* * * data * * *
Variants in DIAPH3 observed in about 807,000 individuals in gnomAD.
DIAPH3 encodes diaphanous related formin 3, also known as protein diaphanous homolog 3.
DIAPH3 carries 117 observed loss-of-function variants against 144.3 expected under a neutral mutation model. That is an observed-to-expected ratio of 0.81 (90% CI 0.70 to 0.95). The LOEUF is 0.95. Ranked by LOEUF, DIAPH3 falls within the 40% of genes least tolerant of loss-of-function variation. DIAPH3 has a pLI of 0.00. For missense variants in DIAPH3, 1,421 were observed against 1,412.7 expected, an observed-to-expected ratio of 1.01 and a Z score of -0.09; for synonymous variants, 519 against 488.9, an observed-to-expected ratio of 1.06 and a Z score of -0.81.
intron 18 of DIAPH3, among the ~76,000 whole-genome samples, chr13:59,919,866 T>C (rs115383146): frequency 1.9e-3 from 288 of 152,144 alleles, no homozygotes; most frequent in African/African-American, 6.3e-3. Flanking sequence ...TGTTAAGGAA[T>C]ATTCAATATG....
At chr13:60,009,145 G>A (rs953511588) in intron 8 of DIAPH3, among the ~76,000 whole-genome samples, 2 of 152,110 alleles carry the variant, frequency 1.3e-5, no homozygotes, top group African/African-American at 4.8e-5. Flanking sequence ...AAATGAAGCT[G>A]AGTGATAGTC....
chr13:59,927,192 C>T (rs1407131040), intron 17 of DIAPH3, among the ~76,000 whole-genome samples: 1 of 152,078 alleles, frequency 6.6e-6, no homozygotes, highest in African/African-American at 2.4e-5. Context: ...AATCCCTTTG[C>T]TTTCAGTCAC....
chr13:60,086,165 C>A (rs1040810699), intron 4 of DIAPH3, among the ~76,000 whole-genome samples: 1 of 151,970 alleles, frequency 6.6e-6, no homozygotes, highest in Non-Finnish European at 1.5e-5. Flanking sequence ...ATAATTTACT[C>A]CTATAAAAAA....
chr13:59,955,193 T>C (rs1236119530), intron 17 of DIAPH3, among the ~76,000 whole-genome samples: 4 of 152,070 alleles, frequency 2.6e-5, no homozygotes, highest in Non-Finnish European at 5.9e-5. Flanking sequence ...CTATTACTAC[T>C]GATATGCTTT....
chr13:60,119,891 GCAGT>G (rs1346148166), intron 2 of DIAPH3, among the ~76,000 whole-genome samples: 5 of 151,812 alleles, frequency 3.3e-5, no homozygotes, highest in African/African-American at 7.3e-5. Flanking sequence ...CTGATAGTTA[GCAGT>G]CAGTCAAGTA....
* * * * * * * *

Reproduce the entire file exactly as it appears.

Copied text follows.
Variants in DIAPH3 observed in about 807,000 individuals in gnomAD.
DIAPH3 encodes diaphanous related formin 3, also known as protein diaphanous homolog 3.
DIAPH3 carries 117 observed loss-of-function variants against 144.3 expected under a neutral mutation model. That is an observed-to-expected ratio of 0.81 (90% CI 0.70 to 0.95). The LOEUF is 0.95. Ranked by LOEUF, DIAPH3 falls within the 40% of genes least tolerant of loss-of-function variation. DIAPH3 has a pLI of 0.00. For missense variants in DIAPH3, 1,421 were observed against 1,412.7 expected, an observed-to-expected ratio of 1.01 and a Z score of -0.09; for synonymous variants, 519 against 488.9, an observed-to-expected ratio of 1.06 and a Z score of -0.81.
intron 18 of DIAPH3, among the ~76,000 whole-genome samples, chr13:59,919,866 T>C (rs115383146): frequency 1.9e-3 from 288 of 152,144 alleles, no homozygotes; most frequent in African/African-American, 6.3e-3. Flanking sequence ...TGTTAAGGAA[T>C]ATTCAATATG....
At chr13:60,009,145 G>A (rs953511588) in intron 8 of DIAPH3, among the ~76,000 whole-genome samples, 2 of 152,110 alleles carry the variant, frequency 1.3e-5, no homozygotes, top group African/African-American at 4.8e-5. Flanking sequence ...AAATGAAGCT[G>A]AGTGATAGTC....
chr13:59,927,192 C>T (rs1407131040), intron 17 of DIAPH3, among the ~76,000 whole-genome samples: 1 of 152,078 alleles, frequency 6.6e-6, no homozygotes, highest in African/African-American at 2.4e-5. Context: ...AATCCCTTTG[C>T]TTTCAGTCAC....
chr13:60,086,165 C>A (rs1040810699), intron 4 of DIAPH3, among the ~76,000 whole-genome samples: 1 of 151,970 alleles, frequency 6.6e-6, no homozygotes, highest in Non-Finnish European at 1.5e-5. Flanking sequence ...ATAATTTACT[C>A]CTATAAAAAA....
chr13:59,955,193 T>C (rs1236119530), intron 17 of DIAPH3, among the ~76,000 whole-genome samples: 4 of 152,070 alleles, frequency 2.6e-5, no homozygotes, highest in Non-Finnish European at 5.9e-5. Flanking sequence ...CTATTACTAC[T>C]GATATGCTTT....
chr13:60,119,891 GCAGT>G (rs1346148166), intron 2 of DIAPH3, among the ~76,000 whole-genome samples: 5 of 151,812 alleles, frequency 3.3e-5, no homozygotes, highest in African/African-American at 7.3e-5. Flanking sequence ...CTGATAGTTA[GCAGT>G]CAGTCAAGTA....